By Le Matin,
THE November 20 issue of a French daily newspaper ‘Le Matin’ carried a small column on Abba/Father Mussie Zerai with a title “Miraculous: This Priest Saves Lives from a distance by his mobile phone”, in which the writer believed the little known Eritrean priest is a hero who is viewed by some people as a potential future candidate for Nobel Prize for Peace.
A quick google translation of the writeup goes like this:
Aba Mussie. His name may, for sure, mean nothing to you (the reader). Yet, this Eritrean priest who lives in Erlinsbach (Swiss Canton of Solothurn), and viewed by some people as a future Nobel Peace Prize winner, is a hero. Since 2003, through repeatedly sending his mobile telephone number to all directions, he has saved thousands of lives of migrants lost between Africa and Italy by informing coast guards about their situation. These contributions give him the legitimacy to have enjoined recently at law court to Europe to come out of its ‘logic of militarized fortress’”.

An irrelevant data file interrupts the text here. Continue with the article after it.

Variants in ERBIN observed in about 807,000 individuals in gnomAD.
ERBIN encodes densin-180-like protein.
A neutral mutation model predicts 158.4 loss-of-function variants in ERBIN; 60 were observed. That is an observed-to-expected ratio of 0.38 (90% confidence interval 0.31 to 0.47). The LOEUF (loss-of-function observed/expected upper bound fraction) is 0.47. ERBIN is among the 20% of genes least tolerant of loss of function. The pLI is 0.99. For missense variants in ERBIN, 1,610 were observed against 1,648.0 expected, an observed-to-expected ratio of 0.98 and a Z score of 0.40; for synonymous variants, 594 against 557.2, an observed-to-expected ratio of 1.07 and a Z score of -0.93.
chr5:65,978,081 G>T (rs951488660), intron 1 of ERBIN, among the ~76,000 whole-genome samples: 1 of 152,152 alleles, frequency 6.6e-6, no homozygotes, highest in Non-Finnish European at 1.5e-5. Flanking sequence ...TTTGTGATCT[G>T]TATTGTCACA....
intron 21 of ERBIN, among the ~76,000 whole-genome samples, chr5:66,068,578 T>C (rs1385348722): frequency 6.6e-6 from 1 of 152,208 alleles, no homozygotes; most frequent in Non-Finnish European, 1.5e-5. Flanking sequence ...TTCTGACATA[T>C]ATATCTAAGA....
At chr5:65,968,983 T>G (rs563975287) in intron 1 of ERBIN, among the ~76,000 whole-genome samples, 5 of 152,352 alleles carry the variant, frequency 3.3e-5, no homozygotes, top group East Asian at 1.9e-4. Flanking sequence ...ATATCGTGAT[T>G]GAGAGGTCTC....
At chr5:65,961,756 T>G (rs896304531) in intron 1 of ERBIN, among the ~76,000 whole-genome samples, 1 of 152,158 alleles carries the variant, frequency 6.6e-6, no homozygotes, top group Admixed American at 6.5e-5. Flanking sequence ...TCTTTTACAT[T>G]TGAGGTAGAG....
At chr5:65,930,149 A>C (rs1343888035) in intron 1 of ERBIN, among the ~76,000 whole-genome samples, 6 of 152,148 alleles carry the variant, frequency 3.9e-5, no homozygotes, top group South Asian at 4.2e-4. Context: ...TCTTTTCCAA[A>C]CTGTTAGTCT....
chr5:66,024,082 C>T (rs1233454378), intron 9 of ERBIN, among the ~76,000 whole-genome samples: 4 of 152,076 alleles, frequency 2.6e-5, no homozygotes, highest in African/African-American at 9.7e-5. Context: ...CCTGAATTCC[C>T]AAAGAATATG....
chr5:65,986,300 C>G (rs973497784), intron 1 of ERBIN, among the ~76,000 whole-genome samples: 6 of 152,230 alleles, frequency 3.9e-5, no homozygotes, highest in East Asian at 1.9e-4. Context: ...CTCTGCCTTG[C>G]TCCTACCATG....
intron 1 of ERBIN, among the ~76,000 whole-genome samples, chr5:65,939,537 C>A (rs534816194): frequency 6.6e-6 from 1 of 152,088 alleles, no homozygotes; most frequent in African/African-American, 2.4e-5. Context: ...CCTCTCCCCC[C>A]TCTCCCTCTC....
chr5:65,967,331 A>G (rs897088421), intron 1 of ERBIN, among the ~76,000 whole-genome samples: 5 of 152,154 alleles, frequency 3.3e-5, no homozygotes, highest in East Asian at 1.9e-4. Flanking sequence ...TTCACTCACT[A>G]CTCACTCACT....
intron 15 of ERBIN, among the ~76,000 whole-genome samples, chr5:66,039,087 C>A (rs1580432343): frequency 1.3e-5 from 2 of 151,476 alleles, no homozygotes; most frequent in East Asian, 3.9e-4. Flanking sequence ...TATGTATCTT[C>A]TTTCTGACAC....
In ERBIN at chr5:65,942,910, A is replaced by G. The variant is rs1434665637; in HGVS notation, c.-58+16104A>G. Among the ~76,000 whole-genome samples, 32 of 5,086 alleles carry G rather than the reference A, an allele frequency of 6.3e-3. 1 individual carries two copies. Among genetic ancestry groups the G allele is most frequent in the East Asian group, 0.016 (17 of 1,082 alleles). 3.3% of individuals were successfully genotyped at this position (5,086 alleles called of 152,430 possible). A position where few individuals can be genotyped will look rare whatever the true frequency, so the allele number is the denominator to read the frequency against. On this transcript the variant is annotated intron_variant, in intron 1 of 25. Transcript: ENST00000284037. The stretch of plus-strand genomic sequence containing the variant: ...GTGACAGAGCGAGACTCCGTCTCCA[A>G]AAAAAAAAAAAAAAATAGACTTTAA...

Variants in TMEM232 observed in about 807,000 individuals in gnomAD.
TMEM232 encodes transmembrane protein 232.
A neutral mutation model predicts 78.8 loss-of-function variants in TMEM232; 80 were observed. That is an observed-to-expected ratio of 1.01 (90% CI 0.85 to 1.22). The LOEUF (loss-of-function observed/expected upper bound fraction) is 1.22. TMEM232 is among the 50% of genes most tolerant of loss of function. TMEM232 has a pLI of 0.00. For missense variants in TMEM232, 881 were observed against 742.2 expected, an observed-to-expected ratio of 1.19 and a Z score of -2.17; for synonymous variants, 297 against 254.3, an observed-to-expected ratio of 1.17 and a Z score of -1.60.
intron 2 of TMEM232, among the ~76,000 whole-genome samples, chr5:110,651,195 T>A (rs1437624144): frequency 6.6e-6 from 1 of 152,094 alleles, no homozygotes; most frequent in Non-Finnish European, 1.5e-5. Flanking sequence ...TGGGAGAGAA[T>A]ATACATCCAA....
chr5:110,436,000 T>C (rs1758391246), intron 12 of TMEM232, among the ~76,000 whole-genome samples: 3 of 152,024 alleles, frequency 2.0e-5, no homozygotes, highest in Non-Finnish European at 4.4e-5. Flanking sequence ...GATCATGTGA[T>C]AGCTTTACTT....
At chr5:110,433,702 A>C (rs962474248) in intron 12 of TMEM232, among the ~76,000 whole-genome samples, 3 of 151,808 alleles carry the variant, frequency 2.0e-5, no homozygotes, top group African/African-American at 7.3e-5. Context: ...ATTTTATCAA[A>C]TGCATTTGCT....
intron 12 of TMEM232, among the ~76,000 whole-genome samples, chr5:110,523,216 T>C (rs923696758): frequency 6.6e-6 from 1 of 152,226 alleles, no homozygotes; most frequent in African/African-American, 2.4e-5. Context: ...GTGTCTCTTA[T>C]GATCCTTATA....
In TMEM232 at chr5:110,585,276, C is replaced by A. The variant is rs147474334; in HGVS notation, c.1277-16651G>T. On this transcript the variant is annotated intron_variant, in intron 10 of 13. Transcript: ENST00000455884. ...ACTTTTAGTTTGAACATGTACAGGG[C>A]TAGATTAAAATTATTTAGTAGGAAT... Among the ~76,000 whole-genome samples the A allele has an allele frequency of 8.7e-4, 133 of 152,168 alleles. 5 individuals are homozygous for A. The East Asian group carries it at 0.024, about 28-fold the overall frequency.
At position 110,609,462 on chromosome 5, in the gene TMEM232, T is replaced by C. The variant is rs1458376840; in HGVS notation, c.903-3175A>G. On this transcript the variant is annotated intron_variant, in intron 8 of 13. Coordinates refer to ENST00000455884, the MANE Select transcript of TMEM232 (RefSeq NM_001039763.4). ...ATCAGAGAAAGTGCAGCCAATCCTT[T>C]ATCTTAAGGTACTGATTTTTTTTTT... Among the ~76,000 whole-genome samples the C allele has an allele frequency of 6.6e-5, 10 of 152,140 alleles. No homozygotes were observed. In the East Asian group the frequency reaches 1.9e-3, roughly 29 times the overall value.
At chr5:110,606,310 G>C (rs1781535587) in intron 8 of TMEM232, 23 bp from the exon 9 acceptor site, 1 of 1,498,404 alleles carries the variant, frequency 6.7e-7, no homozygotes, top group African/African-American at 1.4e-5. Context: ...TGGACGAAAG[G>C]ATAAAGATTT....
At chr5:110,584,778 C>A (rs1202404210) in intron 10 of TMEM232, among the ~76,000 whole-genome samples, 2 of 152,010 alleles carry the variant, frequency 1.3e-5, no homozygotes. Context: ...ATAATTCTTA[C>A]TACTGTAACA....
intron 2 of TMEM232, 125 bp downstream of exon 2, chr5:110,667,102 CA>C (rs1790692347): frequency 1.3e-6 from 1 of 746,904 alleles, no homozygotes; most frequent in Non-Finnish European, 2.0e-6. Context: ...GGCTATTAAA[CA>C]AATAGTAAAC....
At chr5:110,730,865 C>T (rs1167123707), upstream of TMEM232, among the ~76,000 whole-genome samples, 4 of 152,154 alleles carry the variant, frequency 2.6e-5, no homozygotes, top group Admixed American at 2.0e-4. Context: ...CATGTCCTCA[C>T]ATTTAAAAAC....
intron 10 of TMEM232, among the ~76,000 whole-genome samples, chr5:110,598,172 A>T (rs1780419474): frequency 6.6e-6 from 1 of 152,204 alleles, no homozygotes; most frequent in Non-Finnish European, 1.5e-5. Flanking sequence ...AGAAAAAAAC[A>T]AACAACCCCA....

Fr/Abba Mussie Zerai is currently assigned to Switzerland by the Eritrean Catholic Church in Asmara to serve the community of believers by a hectic shuttle in visiting 13 urban centres in Switzerland. On top of this, he is always on the phone communicating with Eritrean refugees in distress – both at sea, those in North Africa and others facing acute problems while inside Europe.
“Father Mussie Zerai has been working with refugees and emigrants to Europe since 1995. Though not an ordained priest by then, he dedicated his life to helping the refugees entering Europe by boat from North Africa. He uses satellite phone, which makes his contacts with the refugees easier; as he can access them directly in the middle of the Mediterranean Sea as they make dangerous attempts of crossing into Europe.
In desperation, many emigrants attempt to cross the Mediterranean in rickety wooden boats or inflatables. Many of the refugees run away from the Libyan detention centres, known as Kufra, where they undergo a lot of torture. Unfortunately many of the victims who contacted Fr. Mussie lost their lives while in detention centres”.